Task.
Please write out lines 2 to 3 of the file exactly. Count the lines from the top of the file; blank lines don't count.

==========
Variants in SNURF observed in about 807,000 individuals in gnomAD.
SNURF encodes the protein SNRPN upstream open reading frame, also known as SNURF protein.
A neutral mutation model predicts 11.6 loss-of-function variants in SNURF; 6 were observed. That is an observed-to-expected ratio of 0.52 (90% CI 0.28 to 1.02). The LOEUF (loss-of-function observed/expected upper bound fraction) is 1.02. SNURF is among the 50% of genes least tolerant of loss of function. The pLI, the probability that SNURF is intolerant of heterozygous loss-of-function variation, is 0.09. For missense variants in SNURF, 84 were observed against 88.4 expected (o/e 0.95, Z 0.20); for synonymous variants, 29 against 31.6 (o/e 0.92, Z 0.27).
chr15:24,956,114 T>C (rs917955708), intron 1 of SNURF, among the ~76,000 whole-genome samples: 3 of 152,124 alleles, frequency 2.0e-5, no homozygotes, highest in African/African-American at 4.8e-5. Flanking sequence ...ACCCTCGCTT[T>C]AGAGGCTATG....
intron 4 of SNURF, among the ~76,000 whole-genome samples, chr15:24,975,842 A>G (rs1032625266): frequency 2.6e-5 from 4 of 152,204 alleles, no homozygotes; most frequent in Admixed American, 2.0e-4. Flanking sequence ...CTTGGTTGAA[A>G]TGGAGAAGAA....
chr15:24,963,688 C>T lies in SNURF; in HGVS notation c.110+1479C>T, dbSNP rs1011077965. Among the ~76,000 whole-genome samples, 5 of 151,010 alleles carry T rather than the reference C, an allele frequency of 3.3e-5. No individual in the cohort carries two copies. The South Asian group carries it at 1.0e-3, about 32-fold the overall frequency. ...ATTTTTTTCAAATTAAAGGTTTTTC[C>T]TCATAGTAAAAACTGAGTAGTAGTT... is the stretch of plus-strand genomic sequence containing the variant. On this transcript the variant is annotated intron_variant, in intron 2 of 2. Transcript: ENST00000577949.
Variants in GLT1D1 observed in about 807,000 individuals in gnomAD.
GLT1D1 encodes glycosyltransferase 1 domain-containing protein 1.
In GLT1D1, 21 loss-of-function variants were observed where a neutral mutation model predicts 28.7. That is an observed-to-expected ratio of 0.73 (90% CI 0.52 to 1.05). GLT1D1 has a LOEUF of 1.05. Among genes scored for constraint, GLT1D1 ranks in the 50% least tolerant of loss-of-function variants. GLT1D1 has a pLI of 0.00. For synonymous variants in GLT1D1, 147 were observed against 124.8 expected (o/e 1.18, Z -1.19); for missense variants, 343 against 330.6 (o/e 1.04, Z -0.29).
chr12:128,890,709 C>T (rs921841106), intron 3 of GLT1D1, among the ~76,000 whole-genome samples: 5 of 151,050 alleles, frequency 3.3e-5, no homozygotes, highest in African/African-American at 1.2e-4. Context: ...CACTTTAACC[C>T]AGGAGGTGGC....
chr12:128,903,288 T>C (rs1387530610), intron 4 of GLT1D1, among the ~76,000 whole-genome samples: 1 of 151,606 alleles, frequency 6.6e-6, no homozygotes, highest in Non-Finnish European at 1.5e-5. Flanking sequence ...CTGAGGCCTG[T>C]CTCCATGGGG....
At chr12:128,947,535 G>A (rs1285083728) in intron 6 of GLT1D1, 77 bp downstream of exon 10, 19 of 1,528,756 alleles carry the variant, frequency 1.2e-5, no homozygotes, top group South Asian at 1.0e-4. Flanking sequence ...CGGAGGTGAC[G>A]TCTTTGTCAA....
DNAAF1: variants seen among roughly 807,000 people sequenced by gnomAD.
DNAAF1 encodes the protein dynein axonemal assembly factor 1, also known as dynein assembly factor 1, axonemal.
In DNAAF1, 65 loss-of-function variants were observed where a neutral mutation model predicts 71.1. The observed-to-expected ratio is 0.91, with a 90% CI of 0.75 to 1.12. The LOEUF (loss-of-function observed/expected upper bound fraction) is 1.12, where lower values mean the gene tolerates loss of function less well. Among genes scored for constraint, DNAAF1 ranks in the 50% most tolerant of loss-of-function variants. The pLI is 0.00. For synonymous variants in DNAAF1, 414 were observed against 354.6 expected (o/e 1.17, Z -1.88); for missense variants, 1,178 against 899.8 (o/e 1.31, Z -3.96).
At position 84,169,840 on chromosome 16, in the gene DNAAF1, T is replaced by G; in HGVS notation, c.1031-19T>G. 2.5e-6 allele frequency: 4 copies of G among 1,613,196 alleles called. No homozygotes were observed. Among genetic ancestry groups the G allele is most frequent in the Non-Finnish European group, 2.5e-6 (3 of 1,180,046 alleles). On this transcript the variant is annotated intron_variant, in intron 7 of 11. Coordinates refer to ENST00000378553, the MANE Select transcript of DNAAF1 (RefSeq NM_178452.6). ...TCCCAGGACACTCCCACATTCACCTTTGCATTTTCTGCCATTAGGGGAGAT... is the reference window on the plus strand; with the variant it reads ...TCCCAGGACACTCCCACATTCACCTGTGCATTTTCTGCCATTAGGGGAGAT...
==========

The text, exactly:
SNURF encodes the protein SNRPN upstream open reading frame, also known as SNURF protein.
A neutral mutation model predicts 11.6 loss-of-function variants in SNURF; 6 were observed. That is an observed-to-expected ratio of 0.52 (90% CI 0.28 to 1.02). The LOEUF (loss-of-function observed/expected upper bound fraction) is 1.02. SNURF is among the 50% of genes least tolerant of loss of function. The pLI, the probability that SNURF is intolerant of heterozygous loss-of-function variation, is 0.09. For missense variants in SNURF, 84 were observed against 88.4 expected (o/e 0.95, Z 0.20); for synonymous variants, 29 against 31.6 (o/e 0.92, Z 0.27).